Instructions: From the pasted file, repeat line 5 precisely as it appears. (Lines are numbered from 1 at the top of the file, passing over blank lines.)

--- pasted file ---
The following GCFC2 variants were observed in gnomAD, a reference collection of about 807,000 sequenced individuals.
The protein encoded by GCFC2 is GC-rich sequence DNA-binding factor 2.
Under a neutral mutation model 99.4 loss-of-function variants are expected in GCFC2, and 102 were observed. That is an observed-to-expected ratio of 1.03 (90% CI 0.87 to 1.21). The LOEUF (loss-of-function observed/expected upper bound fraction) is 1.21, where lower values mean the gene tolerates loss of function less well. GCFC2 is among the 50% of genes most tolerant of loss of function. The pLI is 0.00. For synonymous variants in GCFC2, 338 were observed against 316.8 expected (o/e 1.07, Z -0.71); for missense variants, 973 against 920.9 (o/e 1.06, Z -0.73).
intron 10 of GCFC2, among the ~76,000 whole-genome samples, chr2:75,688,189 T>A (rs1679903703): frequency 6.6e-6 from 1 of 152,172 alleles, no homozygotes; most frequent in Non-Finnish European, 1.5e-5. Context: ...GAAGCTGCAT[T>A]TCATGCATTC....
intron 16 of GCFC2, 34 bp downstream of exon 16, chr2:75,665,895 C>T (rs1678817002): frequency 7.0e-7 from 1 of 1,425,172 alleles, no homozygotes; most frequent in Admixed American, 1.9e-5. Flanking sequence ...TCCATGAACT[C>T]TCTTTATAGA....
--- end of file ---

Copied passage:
intron 16 of GCFC2, 34 bp downstream of exon 16, chr2:75,665,895 C>T (rs1678817002): frequency 7.0e-7 from 1 of 1,425,172 alleles, no homozygotes; most frequent in Admixed American, 1.9e-5. Flanking sequence ...TCCATGAACT[C>T]TCTTTATAGA....